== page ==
Multichannel power monitors help simplify battery-based systems employing multiple current sensors.
Mitch Polonsky • Microchip Technology Inc.
Designers of power systems can be forgiven for having some confusion about power monitors. Some of them may even be using a multichannel power monitor without knowing it. That’s because, regrettably, several different phrases are used to refer to this device category. Some designers know them as high-side current sensors, some as current sensors, and some know them as power monitor ICs. The devices being referenced have a digital interface; inputs can be connected directly to voltage rails above 5 V, and will measure current, voltage, and power across a sense resistor.
These power monitors provide the ability to connect to higher voltages. Some power monitors can accept voltages as high as 100 V, while other mid-range devices can only accept up to 32 V. As such, the devices help avoid external components needed for high voltage applications.
ADI (now including Maxim and Linear Technology), Texas Instruments, Renesas (now including Intersil), and Microchip all have devices in this category. Under Maxim these devices are known as current sensors with digital outputs. However, the ADI website calls these devices power monitors. The consistency of nomenclature continues with both TI and Microchip calling these devices current/voltage/power monitors.
If the system only consists of 5 V, simple operational amplifiers and resistors may be all that is required to measure the system power. Periodic polling could be implemented to lower system power associated with the monitoring. However, this simple scheme does not address the issue of critical power rails that need more active management. Active management may be necessary to measure and optimize power efficiency or to understand the remaining battery life. It might seem as though an always-on processor would be necessary to do the monitoring. But a host processor that does the monitoring could also reside in a low-power state for much of the time, only waking if an independent current sensor with limits sends an interrupt.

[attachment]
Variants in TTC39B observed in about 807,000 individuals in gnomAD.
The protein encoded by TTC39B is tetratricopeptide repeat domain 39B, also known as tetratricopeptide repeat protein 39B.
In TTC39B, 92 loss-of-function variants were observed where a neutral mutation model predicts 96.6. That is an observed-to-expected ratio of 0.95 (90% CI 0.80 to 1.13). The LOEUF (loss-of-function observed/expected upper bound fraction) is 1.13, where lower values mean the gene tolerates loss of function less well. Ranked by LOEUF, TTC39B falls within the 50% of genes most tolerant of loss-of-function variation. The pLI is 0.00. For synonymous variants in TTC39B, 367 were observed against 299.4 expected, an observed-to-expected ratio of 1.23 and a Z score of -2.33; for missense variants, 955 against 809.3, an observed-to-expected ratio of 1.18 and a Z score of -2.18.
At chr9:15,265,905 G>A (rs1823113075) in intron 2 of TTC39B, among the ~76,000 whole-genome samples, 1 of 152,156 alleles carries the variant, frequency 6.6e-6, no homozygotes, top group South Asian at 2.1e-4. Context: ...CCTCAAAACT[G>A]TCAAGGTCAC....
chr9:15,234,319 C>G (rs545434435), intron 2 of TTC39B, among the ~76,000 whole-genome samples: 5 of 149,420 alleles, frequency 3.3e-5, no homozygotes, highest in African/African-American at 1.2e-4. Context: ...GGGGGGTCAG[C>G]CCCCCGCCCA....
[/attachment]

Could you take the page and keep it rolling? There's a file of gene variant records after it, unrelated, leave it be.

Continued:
Many host processors need protection components if they connect to voltage rails higher than 5 V, which brings us to an advantage associated with high-side current sensors. First consider only high-side current sensors that are analog. They are offered in common-mode voltages up to 100 V. These devices can connect directly to the higher voltage rails and avoid the need for external protection components. In addition, the devices send the host controller signals representing the current and power in the system.
It should also be noted that analog current sensors come in options with multiple channels. The power that multiple-channel sensors dissipate is normally in line with that of a single device multiplied by the number of channels. For example, a single-channel analog current sensor such as the INA290 has a maximum quiescent current of 600 µA. The dual version in the same family, the INA2290, has 1,200 µA of quiescent current for the same operating conditions.
Power monitor ICs
This brings us to the topic of the power monitoring IC, which is a mixed-signal device. These ICs are improvements on systems employing an always-on host controller and analog current sensors.